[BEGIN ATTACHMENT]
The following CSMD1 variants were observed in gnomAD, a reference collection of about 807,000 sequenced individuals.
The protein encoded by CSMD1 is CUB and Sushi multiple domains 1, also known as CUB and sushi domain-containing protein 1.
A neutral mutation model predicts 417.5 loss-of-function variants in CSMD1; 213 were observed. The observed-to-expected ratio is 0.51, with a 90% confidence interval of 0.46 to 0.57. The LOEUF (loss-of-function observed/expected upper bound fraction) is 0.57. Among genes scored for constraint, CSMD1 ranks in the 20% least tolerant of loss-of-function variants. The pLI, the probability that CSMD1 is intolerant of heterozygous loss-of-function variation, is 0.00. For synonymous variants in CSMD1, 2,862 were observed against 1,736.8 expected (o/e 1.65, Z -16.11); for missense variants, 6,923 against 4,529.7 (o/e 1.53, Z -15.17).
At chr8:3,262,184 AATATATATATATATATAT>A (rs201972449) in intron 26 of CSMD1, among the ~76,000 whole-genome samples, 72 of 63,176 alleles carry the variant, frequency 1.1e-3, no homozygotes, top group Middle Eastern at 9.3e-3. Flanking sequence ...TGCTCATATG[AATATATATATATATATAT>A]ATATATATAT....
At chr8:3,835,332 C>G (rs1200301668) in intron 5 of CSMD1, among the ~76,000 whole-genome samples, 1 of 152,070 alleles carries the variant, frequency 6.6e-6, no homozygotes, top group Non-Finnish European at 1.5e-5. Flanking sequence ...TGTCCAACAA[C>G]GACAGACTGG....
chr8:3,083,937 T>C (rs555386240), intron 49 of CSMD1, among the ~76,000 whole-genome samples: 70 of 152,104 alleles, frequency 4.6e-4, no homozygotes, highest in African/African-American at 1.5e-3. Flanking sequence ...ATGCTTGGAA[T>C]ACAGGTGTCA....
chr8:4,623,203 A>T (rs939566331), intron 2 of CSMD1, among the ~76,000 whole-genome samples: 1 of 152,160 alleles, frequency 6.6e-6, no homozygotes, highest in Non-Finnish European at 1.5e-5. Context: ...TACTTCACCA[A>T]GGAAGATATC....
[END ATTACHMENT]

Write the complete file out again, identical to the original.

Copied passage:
The following CSMD1 variants were observed in gnomAD, a reference collection of about 807,000 sequenced individuals.
The protein encoded by CSMD1 is CUB and Sushi multiple domains 1, also known as CUB and sushi domain-containing protein 1.
A neutral mutation model predicts 417.5 loss-of-function variants in CSMD1; 213 were observed. The observed-to-expected ratio is 0.51, with a 90% confidence interval of 0.46 to 0.57. The LOEUF (loss-of-function observed/expected upper bound fraction) is 0.57. Among genes scored for constraint, CSMD1 ranks in the 20% least tolerant of loss-of-function variants. The pLI, the probability that CSMD1 is intolerant of heterozygous loss-of-function variation, is 0.00. For synonymous variants in CSMD1, 2,862 were observed against 1,736.8 expected (o/e 1.65, Z -16.11); for missense variants, 6,923 against 4,529.7 (o/e 1.53, Z -15.17).
At chr8:3,262,184 AATATATATATATATATAT>A (rs201972449) in intron 26 of CSMD1, among the ~76,000 whole-genome samples, 72 of 63,176 alleles carry the variant, frequency 1.1e-3, no homozygotes, top group Middle Eastern at 9.3e-3. Flanking sequence ...TGCTCATATG[AATATATATATATATATAT>A]ATATATATAT....
At chr8:3,835,332 C>G (rs1200301668) in intron 5 of CSMD1, among the ~76,000 whole-genome samples, 1 of 152,070 alleles carries the variant, frequency 6.6e-6, no homozygotes, top group Non-Finnish European at 1.5e-5. Flanking sequence ...TGTCCAACAA[C>G]GACAGACTGG....
chr8:3,083,937 T>C (rs555386240), intron 49 of CSMD1, among the ~76,000 whole-genome samples: 70 of 152,104 alleles, frequency 4.6e-4, no homozygotes, highest in African/African-American at 1.5e-3. Flanking sequence ...ATGCTTGGAA[T>C]ACAGGTGTCA....
chr8:4,623,203 A>T (rs939566331), intron 2 of CSMD1, among the ~76,000 whole-genome samples: 1 of 152,160 alleles, frequency 6.6e-6, no homozygotes, highest in Non-Finnish European at 1.5e-5. Context: ...TACTTCACCA[A>T]GGAAGATATC....